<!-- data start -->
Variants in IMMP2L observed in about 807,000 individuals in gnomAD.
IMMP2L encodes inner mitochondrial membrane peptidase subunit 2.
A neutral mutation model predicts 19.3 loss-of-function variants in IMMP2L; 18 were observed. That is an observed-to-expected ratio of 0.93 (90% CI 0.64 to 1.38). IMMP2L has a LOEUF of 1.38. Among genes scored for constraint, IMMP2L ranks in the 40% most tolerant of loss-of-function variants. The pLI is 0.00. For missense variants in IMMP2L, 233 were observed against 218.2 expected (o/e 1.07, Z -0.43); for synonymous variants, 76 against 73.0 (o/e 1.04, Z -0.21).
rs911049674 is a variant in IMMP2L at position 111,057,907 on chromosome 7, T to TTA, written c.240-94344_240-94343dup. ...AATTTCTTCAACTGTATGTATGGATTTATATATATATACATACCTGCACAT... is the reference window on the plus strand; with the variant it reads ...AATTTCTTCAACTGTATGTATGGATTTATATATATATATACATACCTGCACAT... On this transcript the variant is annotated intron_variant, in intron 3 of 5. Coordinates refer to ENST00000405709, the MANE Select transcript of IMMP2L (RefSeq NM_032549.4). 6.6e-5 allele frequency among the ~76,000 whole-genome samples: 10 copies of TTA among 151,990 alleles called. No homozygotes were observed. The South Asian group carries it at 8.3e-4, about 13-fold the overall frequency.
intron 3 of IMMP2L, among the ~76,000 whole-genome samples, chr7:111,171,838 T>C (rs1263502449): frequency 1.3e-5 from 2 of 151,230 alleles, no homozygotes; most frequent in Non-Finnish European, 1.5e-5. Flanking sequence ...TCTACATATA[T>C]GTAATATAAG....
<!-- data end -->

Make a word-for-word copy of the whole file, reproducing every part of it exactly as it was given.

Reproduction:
Variants in IMMP2L observed in about 807,000 individuals in gnomAD.
IMMP2L encodes inner mitochondrial membrane peptidase subunit 2.
A neutral mutation model predicts 19.3 loss-of-function variants in IMMP2L; 18 were observed. That is an observed-to-expected ratio of 0.93 (90% CI 0.64 to 1.38). IMMP2L has a LOEUF of 1.38. Among genes scored for constraint, IMMP2L ranks in the 40% most tolerant of loss-of-function variants. The pLI is 0.00. For missense variants in IMMP2L, 233 were observed against 218.2 expected (o/e 1.07, Z -0.43); for synonymous variants, 76 against 73.0 (o/e 1.04, Z -0.21).
rs911049674 is a variant in IMMP2L at position 111,057,907 on chromosome 7, T to TTA, written c.240-94344_240-94343dup. ...AATTTCTTCAACTGTATGTATGGATTTATATATATATACATACCTGCACAT... is the reference window on the plus strand; with the variant it reads ...AATTTCTTCAACTGTATGTATGGATTTATATATATATATACATACCTGCACAT... On this transcript the variant is annotated intron_variant, in intron 3 of 5. Coordinates refer to ENST00000405709, the MANE Select transcript of IMMP2L (RefSeq NM_032549.4). 6.6e-5 allele frequency among the ~76,000 whole-genome samples: 10 copies of TTA among 151,990 alleles called. No homozygotes were observed. The South Asian group carries it at 8.3e-4, about 13-fold the overall frequency.
intron 3 of IMMP2L, among the ~76,000 whole-genome samples, chr7:111,171,838 T>C (rs1263502449): frequency 1.3e-5 from 2 of 151,230 alleles, no homozygotes; most frequent in Non-Finnish European, 1.5e-5. Flanking sequence ...TCTACATATA[T>C]GTAATATAAG....